she speaks the language of blood he broke the pen between his teeth and chewed the parts and spat them until all that remained was the slim ink cartridge “This is the key,” he said And without another word he inserted the key into his right ear deep Kept pushing it and turning it again and again When the key came out it was bloody he studied it and was pleased with what he saw He nodded. “She speaks the language of blood. So if I want to hear, it’s best I condition my ear to her liking. Blood transmits the vibrations

of her tongue. I can hear her already. It always starts with whispers and eventually I hear screams. Screams so loud that the blood boils and hardens and shatters again into a fine dust and then my eardrum is once more healed. Ready for the next summoning. The first time I summoned her I asked why my life was so miserable. I was at an all time low at the time. Starving, living more on the streets than under a roof. And, of course, she had the answer. Love, she said. Love is the answer to your struggle. You struggle because you love it. And you love it because you have created it. Like a child. My goodness, she is right. I am in love with my creation. That’s why it stays with me. Love really is the answer.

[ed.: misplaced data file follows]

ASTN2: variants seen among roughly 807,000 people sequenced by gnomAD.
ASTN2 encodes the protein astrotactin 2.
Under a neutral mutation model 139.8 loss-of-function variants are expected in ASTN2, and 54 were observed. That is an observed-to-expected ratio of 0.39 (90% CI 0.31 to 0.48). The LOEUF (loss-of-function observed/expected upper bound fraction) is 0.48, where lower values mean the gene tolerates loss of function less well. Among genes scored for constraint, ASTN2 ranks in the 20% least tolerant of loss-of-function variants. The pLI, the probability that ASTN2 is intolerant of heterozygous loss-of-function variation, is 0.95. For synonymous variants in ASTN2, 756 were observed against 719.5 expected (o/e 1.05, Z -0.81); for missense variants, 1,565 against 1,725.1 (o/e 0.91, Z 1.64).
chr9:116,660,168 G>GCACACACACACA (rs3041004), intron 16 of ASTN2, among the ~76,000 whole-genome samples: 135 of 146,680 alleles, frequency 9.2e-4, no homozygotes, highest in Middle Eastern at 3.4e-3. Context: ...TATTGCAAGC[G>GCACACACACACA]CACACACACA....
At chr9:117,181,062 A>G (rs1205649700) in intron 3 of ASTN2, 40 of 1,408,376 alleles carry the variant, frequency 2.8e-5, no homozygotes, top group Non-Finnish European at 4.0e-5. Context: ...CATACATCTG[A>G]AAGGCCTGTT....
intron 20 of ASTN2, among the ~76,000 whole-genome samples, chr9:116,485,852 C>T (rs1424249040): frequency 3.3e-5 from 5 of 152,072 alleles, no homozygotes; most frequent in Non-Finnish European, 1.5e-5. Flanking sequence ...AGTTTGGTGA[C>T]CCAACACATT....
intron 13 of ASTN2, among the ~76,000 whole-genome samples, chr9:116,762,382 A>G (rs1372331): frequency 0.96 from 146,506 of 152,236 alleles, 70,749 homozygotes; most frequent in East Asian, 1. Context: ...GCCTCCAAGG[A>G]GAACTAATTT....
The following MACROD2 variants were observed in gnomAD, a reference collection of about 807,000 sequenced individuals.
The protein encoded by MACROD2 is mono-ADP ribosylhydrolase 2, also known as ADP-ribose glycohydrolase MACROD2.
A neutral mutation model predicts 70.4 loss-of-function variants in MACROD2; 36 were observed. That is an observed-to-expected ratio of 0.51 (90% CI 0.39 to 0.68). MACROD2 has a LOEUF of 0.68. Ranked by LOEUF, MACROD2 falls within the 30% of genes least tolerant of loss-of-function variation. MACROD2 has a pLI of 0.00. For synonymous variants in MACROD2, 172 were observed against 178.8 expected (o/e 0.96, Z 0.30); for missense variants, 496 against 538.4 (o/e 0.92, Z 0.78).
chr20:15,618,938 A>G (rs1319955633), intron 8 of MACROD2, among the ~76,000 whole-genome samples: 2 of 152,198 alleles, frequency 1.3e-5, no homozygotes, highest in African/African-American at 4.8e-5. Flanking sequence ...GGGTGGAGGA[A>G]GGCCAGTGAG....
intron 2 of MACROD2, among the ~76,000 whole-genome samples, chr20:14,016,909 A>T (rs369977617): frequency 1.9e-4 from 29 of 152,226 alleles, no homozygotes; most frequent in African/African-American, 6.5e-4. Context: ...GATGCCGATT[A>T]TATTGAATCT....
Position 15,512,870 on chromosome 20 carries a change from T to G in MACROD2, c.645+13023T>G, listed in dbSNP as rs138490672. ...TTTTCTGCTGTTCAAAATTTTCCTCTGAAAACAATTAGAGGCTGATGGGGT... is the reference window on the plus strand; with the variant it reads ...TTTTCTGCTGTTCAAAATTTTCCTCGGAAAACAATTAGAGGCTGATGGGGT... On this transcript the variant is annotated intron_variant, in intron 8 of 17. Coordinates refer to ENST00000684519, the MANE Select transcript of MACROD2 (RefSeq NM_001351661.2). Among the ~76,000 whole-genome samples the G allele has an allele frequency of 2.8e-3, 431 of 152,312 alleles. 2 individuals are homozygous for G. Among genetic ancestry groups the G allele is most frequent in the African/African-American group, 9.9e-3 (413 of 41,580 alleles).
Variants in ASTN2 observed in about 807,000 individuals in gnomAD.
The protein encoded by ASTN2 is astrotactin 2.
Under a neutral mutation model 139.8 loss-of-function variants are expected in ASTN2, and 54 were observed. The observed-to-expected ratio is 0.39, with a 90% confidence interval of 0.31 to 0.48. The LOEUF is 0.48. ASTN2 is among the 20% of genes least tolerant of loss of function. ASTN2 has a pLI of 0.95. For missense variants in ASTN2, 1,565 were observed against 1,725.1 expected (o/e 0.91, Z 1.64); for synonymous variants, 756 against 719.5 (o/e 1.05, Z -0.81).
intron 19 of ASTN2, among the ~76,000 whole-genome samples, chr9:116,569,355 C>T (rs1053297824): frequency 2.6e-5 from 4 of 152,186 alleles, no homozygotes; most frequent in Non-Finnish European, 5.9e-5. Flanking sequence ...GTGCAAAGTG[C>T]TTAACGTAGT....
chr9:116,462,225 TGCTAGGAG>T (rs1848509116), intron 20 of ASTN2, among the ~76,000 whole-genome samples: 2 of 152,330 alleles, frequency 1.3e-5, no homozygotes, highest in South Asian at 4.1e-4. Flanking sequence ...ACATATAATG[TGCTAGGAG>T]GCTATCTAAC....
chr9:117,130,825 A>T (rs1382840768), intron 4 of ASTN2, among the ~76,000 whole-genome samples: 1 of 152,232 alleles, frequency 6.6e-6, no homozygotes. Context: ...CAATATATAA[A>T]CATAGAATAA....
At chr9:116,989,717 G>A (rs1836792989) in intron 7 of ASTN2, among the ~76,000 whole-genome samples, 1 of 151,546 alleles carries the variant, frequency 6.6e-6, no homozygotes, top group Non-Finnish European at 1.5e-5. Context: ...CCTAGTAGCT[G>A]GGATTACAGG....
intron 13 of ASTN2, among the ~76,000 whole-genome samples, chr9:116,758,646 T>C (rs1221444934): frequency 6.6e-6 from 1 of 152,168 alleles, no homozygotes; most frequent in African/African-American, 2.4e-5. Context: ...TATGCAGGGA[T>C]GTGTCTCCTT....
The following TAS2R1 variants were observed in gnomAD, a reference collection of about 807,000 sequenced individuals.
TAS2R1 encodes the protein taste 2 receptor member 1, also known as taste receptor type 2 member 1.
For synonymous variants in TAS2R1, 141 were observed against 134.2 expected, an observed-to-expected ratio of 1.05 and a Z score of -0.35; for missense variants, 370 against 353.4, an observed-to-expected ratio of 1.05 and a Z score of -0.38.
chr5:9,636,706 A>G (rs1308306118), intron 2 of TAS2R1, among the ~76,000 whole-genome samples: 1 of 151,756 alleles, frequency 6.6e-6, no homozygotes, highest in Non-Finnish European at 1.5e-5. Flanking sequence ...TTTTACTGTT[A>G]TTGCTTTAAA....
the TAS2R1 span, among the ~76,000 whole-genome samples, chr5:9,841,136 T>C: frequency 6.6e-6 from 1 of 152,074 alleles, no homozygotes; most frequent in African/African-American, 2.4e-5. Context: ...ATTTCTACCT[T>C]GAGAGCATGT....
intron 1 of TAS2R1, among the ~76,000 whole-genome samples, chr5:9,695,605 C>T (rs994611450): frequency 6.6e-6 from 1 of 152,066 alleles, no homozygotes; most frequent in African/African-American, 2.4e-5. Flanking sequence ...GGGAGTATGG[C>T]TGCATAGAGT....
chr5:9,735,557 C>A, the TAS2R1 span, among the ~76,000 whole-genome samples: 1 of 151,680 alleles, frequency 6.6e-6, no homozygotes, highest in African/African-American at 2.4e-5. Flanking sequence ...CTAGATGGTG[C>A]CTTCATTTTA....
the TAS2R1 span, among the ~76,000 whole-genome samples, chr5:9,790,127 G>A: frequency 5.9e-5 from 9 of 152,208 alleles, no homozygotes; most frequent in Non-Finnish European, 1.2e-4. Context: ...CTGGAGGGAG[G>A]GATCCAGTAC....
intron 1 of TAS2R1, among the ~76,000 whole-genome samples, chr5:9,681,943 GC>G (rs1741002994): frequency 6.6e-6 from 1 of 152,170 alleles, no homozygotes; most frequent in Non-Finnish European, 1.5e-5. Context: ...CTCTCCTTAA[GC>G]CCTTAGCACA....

Today though I didn’t change my miserable life. I only changed the way I acknowledge the misery in it. It’s still shit, you see, but now I started writing about this shit. I’m a new man now. It’s not the life that changed. It’s me. I’m a writer. And speaking of the devil, yeah, she starts screaming. I have to sit down and put her words on paper. I’ll use this broken pen. She loves it when there’s a smudge of blood in the ink. I feel that tonight is going to be a wild one. Excuse me, I’ve got to go now.” And just like that he stood and walked into the kitchen where his writing notebook awaited on the table by the window

The interviewer watched him for a long time, snapped a few pictures walked out through the main door Interviews with writers were something else entirely, she thought as she got into her car and started the engine

Bogdan Dragos